This may seem surprising, since any significant event these days is treated as an occasion to seek partisan advantage. That's particularly so with such visceral issues as nuclear energy. Yet practically no one has echoed Greenpeace in ''calling for the phase out of existing reactors, and no construction of new commercial nuclear reactors.''
On the contrary, most lawmakers and administration officials have hastened to emphasize that their views about nuclear power are still the opposite of those held by the likes of Greenpeace, even in the wake of the Japanese catastrophe. Testifying before a House subcommittee on Tuesday, Energy Secretary Steven Chu lauded the ''rigorous safety regulations'' that he said governed the US nuclear industry and then made it clear that nuclear energy must remain an important component of the White House energy policy. ''To meet our energy needs,'' Chu said, ''the administration believes we must rely on a diverse set of energy sources including renewables like wind and solar, natural gas, clean coal and nuclear power.''
Republicans, who lately have been calling for a ''nuclear renaissance,'' have said much the same thing, though with less emphasis upon wind and solar. On Monday, Senator Lamar Alexander of Tennessee, a leading renaissance man, took to the Senate floor to remind his colleagues that no one in this country has ever died from an accident at a Navy or commercial reactor. ''Without nuclear power,'' he warned, ''it is hard to imagine how the United States could produce enough cheap, reliable, clean electricity to keep our economy moving.''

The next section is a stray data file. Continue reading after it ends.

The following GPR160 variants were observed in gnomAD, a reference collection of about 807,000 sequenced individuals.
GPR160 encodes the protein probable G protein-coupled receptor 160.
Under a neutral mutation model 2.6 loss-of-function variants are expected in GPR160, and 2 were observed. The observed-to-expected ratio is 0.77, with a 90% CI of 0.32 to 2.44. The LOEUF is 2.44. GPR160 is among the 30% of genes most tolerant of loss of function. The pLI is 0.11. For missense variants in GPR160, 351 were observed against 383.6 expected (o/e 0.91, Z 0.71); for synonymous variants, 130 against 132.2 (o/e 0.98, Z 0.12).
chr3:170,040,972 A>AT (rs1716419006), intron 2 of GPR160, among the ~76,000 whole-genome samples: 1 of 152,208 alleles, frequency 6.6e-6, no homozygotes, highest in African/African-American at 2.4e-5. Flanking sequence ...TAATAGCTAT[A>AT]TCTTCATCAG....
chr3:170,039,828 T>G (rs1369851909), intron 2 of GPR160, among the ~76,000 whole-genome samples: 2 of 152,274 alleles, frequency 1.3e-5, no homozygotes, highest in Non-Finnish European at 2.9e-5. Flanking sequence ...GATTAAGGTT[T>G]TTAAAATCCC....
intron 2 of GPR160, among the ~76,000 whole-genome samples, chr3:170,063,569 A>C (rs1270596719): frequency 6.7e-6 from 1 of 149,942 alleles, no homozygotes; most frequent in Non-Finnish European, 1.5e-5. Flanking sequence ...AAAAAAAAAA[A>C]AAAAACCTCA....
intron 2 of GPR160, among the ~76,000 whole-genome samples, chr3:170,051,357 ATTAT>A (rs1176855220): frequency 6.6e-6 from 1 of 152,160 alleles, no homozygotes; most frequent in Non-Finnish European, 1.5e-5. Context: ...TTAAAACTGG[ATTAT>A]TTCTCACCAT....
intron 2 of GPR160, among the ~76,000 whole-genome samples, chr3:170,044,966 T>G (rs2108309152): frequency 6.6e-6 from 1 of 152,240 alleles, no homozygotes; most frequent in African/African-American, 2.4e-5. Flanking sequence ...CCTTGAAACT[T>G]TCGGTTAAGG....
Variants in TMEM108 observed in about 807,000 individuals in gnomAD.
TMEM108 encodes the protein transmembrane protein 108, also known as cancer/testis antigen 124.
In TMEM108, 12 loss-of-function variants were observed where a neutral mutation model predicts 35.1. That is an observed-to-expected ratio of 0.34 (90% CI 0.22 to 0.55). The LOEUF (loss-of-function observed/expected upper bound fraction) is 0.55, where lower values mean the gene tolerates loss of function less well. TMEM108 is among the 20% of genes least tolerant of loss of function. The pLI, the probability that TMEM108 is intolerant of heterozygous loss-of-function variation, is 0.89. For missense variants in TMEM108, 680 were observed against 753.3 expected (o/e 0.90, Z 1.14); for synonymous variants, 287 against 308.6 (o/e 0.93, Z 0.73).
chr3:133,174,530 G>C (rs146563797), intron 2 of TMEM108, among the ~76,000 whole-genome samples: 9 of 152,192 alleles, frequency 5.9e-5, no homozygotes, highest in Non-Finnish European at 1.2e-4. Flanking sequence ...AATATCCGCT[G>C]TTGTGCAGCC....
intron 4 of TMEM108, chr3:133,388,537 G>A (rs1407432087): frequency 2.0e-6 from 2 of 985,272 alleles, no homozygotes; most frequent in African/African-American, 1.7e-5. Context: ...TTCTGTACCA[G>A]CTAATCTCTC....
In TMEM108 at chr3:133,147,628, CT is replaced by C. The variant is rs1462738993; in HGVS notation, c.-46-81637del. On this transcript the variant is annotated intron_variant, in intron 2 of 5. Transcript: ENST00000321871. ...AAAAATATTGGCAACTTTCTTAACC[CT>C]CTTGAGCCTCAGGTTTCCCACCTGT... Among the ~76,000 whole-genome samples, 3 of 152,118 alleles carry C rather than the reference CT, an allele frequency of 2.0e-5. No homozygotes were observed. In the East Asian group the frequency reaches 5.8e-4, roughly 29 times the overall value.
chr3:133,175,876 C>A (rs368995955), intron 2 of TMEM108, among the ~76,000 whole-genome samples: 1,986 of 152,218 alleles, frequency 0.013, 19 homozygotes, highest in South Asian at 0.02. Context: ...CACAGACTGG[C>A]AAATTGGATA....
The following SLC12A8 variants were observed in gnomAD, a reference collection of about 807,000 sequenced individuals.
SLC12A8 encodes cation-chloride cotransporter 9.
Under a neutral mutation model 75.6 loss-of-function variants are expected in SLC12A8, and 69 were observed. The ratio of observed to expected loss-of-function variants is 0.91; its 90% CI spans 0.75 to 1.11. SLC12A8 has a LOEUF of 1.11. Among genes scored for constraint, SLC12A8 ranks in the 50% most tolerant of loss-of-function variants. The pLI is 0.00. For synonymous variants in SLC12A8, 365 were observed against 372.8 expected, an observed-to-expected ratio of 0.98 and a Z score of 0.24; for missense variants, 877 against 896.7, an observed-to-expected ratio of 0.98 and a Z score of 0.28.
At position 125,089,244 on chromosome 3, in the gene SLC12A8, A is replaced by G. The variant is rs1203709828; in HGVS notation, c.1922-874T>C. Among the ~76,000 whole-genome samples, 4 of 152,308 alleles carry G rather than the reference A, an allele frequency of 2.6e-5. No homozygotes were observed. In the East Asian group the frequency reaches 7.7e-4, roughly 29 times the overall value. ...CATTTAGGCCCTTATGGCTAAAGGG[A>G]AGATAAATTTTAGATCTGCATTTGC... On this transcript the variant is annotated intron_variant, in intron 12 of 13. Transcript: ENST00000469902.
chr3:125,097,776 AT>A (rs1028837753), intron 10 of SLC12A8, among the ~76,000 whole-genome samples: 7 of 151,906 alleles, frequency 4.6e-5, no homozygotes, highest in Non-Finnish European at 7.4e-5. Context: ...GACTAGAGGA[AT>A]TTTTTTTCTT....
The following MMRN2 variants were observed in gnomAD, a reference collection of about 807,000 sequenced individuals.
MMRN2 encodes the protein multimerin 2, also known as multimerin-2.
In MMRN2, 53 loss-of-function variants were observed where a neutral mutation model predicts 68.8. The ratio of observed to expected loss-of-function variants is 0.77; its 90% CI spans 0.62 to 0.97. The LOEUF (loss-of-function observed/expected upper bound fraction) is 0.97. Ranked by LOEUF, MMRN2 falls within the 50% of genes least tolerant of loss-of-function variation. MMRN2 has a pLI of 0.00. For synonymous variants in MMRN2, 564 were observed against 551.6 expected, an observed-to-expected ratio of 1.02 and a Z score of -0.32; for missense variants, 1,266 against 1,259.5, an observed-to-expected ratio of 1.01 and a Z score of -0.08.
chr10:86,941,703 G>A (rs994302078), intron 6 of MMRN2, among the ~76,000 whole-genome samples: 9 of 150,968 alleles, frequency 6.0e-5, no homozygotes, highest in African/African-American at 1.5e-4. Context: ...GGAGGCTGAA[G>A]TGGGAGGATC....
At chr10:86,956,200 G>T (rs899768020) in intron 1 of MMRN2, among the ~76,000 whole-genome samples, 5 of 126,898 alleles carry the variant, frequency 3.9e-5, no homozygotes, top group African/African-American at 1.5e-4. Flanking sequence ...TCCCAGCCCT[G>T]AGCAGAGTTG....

This is a marked departure from the contentious reactions to the last great environmental disaster, the collapse of the Deepwater Horizon oil rig in the Gulf of Mexico.
But several things are different now. Politically, the administration's moratorium on offshore drilling turned out to be surprisingly unpopular and helped reinforce the Republican charge that President Obama is ''anti-business.'' Perhaps as a result, the White House now seems acutely sensitive to Republican skepticism of government intervention of any sort.
But beyond political factors lie common policy interests. One reason more Democrats haven't responded critically is that many now view nuclear power in the broader context of climate change. With the planet overheating from carbon pollution, nuclear energy has come to appear part of the necessary solution to a global disaster, rather than a potential source of a regional disaster, like Japan's. Republicans push nuclear power as at least a partial substitute for their lack of a comprehensive energy plan. And so, nuclear energy has appeared to be the rare issue on which both parties might agree.
Until now, the primary obstacle in Congress has not been the safety of nuclear plants, but rather how to pay for them. ''They've been stalled in large part because of financing,'' said Joshua Freed, who runs the Clean Energy Project at Third Way, a Washington think tank. ''The debate in Congress has been about how to get private-capital funding for new reactors.'' Both the 2011 White House budget (never acted on) and the 2012 version include $36 billion in government loan guarantees to help power utilities raise private-sector financing for new nuclear plants.
Before Fukushima, the prospects for action seemed reasonably positive. The main challenge appeared to be persuading Tea Party Republicans in the House of the efficacy and necessity of the government guarantees that proponents of nuclear power say are needed to move any new plants forward.
Until the Japanese crisis occurred most people thought Tea Party skeptics could be brought around or overcome. If the situation in Japan gets worse, it could open a serious new avenue of opposition. But as yet it hasn't. For now, most politicians are holding back to see what happens next. If they keep it up a while longer, the prospects for a deal on more nuclear power may yet survive.
Joshua Green writes a weekly column for the Boston Globe.
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